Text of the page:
3. “Accept score choice”: Colleges will accept the scores that you choose to submit. Traditional score choice.

Can I choose to send just one of my SAT Subject Test scores from a day when I took two SAT Subject Tests?

Unfortunately, when you send test scores from a test date, it’s all or nothing. This is why it makes sense to get your testing done early so that you have time to isolate and re-take a certain SAT Subject Test, ACT, or SAT test if you need to, as well as review your scores before you send to your colleges.

How do I optimize for super scoring?

The best way that you can optimize your studying and test taking for super scoring is to be intentional about your studying. With super scoring, you can focus your attention on one particular section going into an exam. For both super scoring and score choice, it’s in your best interest to take the exam more than once in order to improve your scores as much as you possibly can.

Should I ever not use score choice?

You should really only use score choice if you absolutely bombed or aced on one particular test day. If your scores are varying, as they often are, it’s best practice to send in all scores, even if you have to reveal that you didn’t do as well as you had wanted to on one particular test day.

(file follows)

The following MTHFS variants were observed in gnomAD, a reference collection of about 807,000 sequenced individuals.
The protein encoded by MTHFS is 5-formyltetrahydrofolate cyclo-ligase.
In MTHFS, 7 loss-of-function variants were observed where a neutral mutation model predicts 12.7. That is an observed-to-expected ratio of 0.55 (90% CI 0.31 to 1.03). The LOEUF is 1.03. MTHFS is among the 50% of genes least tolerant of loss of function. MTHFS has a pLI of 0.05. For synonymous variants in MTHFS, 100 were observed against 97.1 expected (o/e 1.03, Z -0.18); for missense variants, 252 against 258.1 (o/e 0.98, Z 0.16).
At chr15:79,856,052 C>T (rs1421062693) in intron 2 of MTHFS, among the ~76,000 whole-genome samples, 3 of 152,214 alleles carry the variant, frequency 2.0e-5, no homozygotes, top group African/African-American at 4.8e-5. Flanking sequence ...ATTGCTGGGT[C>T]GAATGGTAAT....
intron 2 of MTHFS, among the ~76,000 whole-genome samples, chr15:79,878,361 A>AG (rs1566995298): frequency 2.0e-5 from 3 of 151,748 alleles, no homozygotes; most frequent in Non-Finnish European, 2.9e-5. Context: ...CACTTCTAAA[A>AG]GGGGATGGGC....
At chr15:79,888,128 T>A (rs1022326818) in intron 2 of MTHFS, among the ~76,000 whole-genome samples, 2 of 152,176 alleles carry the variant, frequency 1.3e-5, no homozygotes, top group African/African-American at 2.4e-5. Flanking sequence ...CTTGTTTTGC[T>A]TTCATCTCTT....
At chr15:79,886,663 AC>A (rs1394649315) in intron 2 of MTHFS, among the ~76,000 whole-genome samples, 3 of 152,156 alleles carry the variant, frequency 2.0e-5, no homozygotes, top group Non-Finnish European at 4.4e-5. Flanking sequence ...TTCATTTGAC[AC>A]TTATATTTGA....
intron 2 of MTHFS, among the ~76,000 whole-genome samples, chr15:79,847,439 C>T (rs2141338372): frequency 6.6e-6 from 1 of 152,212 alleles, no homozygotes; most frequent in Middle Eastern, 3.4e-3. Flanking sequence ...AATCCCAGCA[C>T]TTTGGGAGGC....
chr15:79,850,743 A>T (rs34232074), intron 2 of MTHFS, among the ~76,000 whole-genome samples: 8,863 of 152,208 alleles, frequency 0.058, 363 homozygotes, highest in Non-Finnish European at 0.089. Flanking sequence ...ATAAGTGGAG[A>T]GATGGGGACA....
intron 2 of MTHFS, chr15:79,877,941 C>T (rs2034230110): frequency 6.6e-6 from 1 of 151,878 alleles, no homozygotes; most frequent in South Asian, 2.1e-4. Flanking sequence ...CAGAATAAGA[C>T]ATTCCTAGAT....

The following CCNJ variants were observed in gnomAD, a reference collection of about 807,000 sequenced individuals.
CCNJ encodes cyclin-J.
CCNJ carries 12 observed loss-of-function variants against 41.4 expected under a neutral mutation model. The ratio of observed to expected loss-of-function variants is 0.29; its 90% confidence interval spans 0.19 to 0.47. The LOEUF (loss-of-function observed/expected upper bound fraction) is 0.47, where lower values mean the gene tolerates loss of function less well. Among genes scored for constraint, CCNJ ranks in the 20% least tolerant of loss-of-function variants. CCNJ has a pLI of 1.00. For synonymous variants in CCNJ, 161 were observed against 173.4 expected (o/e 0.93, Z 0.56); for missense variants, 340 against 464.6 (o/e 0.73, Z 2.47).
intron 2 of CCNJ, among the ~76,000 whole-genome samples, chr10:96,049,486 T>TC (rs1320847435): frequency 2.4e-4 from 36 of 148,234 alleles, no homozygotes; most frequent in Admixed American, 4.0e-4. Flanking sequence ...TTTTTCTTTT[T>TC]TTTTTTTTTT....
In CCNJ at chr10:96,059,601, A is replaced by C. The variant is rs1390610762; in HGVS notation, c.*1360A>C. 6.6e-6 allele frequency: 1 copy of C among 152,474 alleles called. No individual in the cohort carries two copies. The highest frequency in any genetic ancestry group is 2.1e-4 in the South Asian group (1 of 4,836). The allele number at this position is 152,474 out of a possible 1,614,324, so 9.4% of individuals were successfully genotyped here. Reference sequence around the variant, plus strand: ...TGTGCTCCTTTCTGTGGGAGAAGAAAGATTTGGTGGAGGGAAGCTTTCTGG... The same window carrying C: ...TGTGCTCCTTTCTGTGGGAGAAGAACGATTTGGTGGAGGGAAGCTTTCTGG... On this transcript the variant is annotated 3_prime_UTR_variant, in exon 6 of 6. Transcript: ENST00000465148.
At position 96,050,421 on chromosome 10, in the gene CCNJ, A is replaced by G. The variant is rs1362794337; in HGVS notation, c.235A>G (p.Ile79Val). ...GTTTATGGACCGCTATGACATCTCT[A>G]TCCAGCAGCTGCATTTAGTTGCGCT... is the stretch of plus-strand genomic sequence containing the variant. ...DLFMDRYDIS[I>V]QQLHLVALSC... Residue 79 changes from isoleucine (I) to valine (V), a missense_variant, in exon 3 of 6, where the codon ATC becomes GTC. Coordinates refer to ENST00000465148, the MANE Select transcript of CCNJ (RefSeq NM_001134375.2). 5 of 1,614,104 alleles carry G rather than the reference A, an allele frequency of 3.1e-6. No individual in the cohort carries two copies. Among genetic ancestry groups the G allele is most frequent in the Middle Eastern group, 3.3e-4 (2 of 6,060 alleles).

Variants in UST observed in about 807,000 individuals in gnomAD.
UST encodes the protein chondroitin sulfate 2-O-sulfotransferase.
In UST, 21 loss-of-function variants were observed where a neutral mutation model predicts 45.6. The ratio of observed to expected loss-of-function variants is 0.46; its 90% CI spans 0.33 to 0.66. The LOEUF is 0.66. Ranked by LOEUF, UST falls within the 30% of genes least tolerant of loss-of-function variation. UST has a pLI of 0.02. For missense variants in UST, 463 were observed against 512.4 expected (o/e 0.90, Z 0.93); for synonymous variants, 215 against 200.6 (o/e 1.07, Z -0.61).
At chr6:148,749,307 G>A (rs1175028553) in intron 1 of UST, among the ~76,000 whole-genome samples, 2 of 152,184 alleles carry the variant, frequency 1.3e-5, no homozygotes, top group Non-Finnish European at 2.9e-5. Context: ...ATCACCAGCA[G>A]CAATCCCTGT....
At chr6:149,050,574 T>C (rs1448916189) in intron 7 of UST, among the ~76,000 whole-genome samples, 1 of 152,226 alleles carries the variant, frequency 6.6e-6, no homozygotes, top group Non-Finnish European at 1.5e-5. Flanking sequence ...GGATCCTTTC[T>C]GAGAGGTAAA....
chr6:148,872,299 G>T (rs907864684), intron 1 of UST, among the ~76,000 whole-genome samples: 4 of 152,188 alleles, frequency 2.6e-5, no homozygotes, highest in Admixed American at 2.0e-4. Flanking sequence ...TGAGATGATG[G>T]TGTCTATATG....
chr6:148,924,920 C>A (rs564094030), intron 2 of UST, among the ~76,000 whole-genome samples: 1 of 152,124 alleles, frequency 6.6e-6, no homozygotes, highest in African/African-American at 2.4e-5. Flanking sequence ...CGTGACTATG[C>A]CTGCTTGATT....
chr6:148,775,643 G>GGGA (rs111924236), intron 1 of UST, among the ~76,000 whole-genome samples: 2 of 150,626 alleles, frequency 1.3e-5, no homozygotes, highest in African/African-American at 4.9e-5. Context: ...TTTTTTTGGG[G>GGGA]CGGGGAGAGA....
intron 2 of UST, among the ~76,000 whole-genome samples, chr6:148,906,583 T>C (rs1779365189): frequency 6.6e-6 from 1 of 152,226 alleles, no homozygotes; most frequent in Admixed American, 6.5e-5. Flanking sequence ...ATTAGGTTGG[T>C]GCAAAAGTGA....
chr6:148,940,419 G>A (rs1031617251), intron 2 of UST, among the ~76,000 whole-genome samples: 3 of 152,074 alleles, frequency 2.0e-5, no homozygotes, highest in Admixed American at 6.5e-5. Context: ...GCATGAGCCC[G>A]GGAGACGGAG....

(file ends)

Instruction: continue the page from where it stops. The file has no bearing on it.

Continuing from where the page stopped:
What schools offer super scoring?

Good question. We’ve compiled a list of schools that offer super scoring for their applicants. Please note that this is not a complete list and that even if it is listed here, you should read your college’s testing policy directly on their website in order to understand it thoroughly!

American University Northeastern University
Amherst College Occidental University
Bard College Pomona College
Bates College Purdue University
Boston College Sarah Lawrence College
Bowdoin College Stanford University
California Institute of Technology St. Lawrence University
Claremont McKenna College Swarthmore College
Colby College Syracuse University
Colgate University University of North Carolina, Chapel Hill
Colorado College Trinity College
Connecticut College Trinity University
Cornell University Tufts University
Davidson College University of Chicago
Dickinson College University of Colorado, Boulder
Duke University University of Connecticut
Emerson College University of Maryland, College Park
George Washington University University of Massachusetts, Amherst
Georgia Institute of Technology University of Pennsylvania
Grinnell College University of Rochester
Hamilton College University of Vermont
Harvey Mudd College University of Virginia
Haverford College Vassar College
Johns Hopkins University Villanova University
Kenyon College Virginia Tech
Lafayette College Wake Forest University
Lehigh University Washington University, St. Louis
Massachusetts Institute of Technology Wellesley College
Middlebury College Wesleyan University
New York University Williams College


Our ace ACT/SAT tutor Amy says, “As long as students are clear that they should ALWAYS check the admissions policies of the schools to which they are applying and NEVER assume anything about scores, etc., they should be good to go!”

As always, let us know if you have any remaining questions or feel like you need a bit more guidance on your testing schedule.